|Agustin Ortiz (Heuristica)
|One of only two 2600 games
to use the light gun.
Shooting Arcade is one of only two 2600 games to use the light gun
(Sentinel was the other), but was never released. This is a shame
because Shooting Arcade is a creative light gun target game similar to
the Point Blank series, and would have been unique among 2600 games. Interestingly it appears that Shooting Arcade was not developed in the US, but rather in Mexico by a company called Heuristica. How Axlon was invovled is unknown, but they may have simply sub-contracted the game out to Heuristica instead of doing it themselves.
Shooting Arcade is really made up of six different scenes that are put
together in different orders depending on the level you've selected. Each
scene has its own unique theme, rules, and objective, making Shooting
Arcade essentially six games in one. Depending on which skill level
you choose, the scene's attributes change to make it more or less difficult
and the timer at the bottom of the screen counts down more or less quickly.
The status bar at the top of the screen shows the number of shots
you have left, your current difficulty level, and the number of targets
left. You start each level out with a limited amount of ammunition
depending on the difficulty level (40, 10, 5, 2, or 1). You can
continue from the last screen you completed an infinite amount of times
by simply pressing the reset button. This is a handy feature as
the game get very hard at the later levels...
The six scenes are:
Colored Squares - Here you must shoot out all the colored squares
before the timer runs out. Starting on level 1 if you shoot and
empty area where a square would be, a new square appear and you'll have
to shoot it again! On level 4 the squares will all disappear after
you take your first shot, and you must memorize where all the squares
were before you start. The squares can briefly be seen when you
take a shot which helps a bit, but they will reappear if you shoot the
same area twice (as in level 1). Every square you successfully hit
will give you two extra shots.
Shooting Gallery - This scene is reminiscent of Imagic's Shooting
Gallery cartridge. Here you must shoot various carnival targets
such as glass pipes, ducks, milk jugs, colored squares, and dinosaurs?
The targets in the center area move at a fair clip (depending on
the difficulty level) and the pipes at the top can be very difficult to
hit making this scene one of the toughest in the game. Speaking of squares, you can shoot the colored squares at the
bottom of the screen to gain extra ammo if you're in need. To clear this scene you must successfully
shoot all the targets.
The Birds - This scene is only accessible from level 2 onward.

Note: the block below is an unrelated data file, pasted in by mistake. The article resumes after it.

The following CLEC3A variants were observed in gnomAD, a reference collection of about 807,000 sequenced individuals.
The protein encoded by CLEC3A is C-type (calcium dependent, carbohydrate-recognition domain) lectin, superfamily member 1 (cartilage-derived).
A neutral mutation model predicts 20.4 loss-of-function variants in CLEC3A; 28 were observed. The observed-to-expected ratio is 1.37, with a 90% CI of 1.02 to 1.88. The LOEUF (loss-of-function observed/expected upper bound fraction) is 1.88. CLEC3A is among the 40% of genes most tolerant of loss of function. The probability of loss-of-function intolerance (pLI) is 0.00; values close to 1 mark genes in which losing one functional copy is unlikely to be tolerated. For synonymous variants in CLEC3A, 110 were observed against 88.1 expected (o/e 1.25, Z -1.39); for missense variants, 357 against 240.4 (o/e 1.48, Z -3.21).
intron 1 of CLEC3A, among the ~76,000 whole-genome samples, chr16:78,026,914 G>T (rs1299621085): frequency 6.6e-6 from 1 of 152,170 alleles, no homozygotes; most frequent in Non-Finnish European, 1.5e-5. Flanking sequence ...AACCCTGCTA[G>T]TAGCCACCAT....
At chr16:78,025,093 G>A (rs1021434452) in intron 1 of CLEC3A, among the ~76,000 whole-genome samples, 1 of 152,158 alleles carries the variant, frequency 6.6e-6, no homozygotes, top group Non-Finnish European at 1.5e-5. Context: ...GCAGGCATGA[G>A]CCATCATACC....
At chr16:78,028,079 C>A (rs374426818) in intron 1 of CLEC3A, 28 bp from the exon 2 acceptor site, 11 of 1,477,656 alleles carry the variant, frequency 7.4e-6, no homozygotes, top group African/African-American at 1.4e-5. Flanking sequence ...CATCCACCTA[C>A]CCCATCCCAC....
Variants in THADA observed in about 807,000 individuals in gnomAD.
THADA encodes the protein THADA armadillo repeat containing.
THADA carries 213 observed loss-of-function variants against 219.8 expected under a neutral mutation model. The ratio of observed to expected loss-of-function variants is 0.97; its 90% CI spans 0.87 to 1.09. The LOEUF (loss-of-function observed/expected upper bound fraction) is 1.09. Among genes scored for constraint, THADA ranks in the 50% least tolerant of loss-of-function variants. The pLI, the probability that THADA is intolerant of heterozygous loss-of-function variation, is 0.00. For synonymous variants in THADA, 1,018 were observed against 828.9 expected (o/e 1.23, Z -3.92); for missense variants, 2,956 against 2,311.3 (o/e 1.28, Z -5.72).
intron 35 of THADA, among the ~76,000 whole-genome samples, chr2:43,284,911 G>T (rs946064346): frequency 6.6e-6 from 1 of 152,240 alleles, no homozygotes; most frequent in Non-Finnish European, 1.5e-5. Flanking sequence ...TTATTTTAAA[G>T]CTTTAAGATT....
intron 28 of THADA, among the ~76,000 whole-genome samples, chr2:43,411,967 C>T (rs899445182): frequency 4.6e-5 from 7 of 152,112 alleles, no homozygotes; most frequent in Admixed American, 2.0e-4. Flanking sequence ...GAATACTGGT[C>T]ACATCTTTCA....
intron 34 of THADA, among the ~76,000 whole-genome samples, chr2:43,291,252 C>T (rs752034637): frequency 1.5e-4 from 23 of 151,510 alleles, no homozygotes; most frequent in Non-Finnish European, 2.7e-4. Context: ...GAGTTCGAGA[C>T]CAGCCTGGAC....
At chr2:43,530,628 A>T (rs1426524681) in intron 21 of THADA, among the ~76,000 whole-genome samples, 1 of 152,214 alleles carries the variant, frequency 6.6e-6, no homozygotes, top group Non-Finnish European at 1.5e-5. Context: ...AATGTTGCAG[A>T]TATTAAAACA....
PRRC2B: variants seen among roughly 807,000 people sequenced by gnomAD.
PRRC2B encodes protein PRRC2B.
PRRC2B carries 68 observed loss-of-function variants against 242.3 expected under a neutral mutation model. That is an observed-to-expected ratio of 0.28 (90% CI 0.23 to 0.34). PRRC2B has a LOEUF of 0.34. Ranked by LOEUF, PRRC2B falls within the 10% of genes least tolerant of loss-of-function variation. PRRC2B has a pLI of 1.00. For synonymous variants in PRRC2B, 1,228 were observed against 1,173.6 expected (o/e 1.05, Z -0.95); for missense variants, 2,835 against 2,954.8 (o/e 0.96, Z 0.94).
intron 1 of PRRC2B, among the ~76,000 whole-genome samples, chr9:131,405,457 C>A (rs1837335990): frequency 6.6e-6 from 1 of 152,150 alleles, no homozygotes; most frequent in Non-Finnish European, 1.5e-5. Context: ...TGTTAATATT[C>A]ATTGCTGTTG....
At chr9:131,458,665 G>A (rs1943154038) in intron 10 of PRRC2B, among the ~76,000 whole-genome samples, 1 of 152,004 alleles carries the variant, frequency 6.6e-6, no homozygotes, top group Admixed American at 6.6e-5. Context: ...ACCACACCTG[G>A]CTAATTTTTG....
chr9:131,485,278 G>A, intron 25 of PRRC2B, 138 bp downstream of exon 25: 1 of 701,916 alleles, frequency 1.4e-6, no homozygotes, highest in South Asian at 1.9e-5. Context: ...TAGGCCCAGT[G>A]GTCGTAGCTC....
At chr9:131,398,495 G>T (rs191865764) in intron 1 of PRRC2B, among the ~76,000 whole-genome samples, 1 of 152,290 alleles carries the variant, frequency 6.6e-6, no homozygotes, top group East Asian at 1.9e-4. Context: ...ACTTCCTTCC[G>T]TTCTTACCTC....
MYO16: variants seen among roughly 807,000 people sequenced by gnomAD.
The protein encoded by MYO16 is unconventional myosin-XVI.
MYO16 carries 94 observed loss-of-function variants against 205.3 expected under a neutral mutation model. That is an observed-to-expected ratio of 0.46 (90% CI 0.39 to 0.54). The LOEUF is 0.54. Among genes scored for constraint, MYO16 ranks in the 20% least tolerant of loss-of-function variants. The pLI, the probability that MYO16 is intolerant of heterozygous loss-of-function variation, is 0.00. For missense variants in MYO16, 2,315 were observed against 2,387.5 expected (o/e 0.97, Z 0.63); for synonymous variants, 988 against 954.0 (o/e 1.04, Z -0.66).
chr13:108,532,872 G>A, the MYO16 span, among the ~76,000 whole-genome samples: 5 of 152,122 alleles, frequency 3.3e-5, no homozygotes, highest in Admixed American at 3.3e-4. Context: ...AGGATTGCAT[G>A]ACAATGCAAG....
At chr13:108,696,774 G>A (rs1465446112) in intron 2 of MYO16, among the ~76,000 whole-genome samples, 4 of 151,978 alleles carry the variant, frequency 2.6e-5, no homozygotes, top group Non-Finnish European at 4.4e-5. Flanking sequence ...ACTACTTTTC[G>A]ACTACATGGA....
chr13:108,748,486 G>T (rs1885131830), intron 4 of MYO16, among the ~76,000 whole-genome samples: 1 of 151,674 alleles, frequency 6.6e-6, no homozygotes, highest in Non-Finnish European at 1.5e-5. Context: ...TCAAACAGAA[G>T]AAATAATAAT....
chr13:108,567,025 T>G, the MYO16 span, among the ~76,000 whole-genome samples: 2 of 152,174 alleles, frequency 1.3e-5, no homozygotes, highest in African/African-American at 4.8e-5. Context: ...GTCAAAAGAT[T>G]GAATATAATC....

In this scene you must shoot all the black and white birds before
the timer runs out. The birds move with a up and down motion, but
follow a specific path around the screen so you can predict where they
will move. The background will change from black to white during
the course of the scene effectively camouflaging the birds making them
even more difficult to hit.
Target Practice - This scene is one of the hardest to complete,
since you begin with almost no ammo and the timer counts down lightning
fast. The concept of this scene is quite simple, you must shoot
the various birds which fly around the screen. Unlike the previous
scene, these birds only appear one at a time and they move very very fast.
The birds will wrap around from one side of the screen to the other,
so you can try and anticipate where it will appear next. This scene
is only accessible from level 3 onward.
The Demon - This scene is damn tough! You must shoot a
demon who randomly teleports around the screen. Since this scene
is only accessible on skill level 4 you start low on ammo and have almost
no time. If you shoot the demon enough times you will move onto
the final scene.
The Unicycle - This is the final scene in the game. Here
you must shoot the unicycle out from underneath a poor clown and watch
him fall to his death (ok so I made the last part up). Since the
unicycle is very thin and moves at a surprisingly fast clip, this scene
is nearly impossible to beat. Like the demon scene, this scene is
only accessible on level 4.
So why wasn't shooting arcade released? No one knows
the true reason, but one possibility is the horrid controls. The
light gun aim is so off it makes it almost impossible to hit something
by aiming directly at it. If your lucky enough to actually hit something,
it's almost a guarantee that you'll never be able to hit it again as the
shooting code is so buggy that shooting at the same spot three times in
a row will result in hitting three completely different areas of the screen.
This problem is really the death nail for Shooting Arcade, and ruins
what could have otherwise been an awesome game. Another possibility
is the late date of the game (1989), by 1989 Nintendo was all but king,
dominating everything in sight. It's doubtful that an Atari 2600
target shooting game would have sold in great numbers, and is probably
why Atari went with the more action oriented light gun game Sentinel.
If you can get over the flawed targeting system, Shooting
Arcade can be really fun. It's interesting to see just how much
programmers could squeeze out of the ancient 2600. A game like this
really pushed the poor old 2600 to its limits, and proves that a good
programmer can do wonders even on bad hardware. Don't think of it
as Shooting Arcade, think of it as Point Blank 0.5.
Shooting Arcd C300024-169A NTSC 9/18/5
Shooting Arcd C300046-169A PAL 1/16/90
|Final Version (PAL)
to 2600 Software